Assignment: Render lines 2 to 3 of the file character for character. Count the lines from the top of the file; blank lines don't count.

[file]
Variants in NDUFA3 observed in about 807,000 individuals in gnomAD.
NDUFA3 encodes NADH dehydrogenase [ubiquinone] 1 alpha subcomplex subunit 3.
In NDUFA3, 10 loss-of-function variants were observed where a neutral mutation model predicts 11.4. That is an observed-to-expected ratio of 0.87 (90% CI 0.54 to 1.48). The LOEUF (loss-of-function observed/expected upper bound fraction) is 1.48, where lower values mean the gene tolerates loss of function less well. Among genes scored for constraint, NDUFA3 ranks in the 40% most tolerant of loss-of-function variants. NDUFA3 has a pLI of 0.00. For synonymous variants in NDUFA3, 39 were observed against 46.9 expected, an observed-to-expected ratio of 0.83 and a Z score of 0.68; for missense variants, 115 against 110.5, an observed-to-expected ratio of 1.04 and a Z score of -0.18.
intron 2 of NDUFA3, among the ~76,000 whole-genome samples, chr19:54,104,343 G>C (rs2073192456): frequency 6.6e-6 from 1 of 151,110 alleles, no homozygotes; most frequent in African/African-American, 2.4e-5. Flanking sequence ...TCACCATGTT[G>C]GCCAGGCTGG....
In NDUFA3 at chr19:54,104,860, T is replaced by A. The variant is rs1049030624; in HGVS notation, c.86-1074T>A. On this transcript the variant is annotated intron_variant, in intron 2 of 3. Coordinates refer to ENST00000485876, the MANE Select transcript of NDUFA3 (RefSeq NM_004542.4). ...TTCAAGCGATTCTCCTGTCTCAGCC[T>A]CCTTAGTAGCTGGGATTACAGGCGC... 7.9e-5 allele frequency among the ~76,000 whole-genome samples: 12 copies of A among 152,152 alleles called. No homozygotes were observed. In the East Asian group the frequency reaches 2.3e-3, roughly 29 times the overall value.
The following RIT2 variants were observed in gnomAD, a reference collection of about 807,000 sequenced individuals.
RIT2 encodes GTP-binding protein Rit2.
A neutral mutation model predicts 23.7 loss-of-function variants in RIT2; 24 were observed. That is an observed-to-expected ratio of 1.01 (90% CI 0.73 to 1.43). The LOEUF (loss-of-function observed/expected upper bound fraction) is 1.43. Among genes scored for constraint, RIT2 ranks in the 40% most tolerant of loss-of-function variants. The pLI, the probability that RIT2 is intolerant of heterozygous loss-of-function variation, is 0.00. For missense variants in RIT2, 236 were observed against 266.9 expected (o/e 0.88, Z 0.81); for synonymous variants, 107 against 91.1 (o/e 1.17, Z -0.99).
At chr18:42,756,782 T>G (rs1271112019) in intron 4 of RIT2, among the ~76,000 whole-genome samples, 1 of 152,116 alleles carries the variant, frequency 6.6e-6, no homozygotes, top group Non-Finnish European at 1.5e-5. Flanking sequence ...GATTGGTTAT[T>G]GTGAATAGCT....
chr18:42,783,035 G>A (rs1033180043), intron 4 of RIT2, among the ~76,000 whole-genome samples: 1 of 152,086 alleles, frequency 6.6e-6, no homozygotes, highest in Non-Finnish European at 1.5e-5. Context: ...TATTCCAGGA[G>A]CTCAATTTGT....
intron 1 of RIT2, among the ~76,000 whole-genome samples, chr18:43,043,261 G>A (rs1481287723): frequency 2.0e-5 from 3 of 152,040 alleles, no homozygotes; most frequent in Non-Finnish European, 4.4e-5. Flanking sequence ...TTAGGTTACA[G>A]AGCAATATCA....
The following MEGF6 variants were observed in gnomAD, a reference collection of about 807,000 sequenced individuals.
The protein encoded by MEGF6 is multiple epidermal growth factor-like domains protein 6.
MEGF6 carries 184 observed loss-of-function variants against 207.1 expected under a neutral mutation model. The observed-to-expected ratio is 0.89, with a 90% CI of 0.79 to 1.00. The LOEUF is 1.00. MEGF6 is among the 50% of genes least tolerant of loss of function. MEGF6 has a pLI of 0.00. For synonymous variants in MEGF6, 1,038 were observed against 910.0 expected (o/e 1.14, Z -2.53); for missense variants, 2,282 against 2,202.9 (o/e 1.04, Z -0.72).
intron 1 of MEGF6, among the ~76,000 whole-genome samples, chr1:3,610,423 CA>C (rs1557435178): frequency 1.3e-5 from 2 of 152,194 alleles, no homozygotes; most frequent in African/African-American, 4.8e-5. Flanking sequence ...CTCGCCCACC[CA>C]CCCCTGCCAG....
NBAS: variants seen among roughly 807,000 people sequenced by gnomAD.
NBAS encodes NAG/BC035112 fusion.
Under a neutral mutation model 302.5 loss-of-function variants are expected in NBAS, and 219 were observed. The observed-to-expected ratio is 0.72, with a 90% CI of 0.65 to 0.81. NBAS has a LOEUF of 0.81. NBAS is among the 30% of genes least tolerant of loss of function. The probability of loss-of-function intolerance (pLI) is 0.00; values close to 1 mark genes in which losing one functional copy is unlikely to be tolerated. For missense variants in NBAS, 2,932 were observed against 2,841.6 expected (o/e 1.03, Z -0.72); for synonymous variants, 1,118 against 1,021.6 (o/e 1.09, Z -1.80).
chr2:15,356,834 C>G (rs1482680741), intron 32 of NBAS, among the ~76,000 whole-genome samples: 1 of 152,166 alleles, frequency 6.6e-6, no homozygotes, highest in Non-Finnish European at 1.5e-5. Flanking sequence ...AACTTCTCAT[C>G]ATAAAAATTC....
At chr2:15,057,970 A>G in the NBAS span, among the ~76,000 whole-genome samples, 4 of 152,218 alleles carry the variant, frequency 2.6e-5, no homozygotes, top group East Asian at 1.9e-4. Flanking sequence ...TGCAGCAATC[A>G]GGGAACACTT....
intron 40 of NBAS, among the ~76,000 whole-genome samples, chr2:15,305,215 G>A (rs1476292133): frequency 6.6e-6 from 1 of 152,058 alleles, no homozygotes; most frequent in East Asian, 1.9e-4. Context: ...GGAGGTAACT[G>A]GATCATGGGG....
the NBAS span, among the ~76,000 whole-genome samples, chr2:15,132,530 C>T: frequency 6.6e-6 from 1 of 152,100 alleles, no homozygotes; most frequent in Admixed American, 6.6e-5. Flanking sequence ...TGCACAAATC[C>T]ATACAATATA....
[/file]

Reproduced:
NDUFA3 encodes NADH dehydrogenase [ubiquinone] 1 alpha subcomplex subunit 3.
In NDUFA3, 10 loss-of-function variants were observed where a neutral mutation model predicts 11.4. That is an observed-to-expected ratio of 0.87 (90% CI 0.54 to 1.48). The LOEUF (loss-of-function observed/expected upper bound fraction) is 1.48, where lower values mean the gene tolerates loss of function less well. Among genes scored for constraint, NDUFA3 ranks in the 40% most tolerant of loss-of-function variants. NDUFA3 has a pLI of 0.00. For synonymous variants in NDUFA3, 39 were observed against 46.9 expected, an observed-to-expected ratio of 0.83 and a Z score of 0.68; for missense variants, 115 against 110.5, an observed-to-expected ratio of 1.04 and a Z score of -0.18.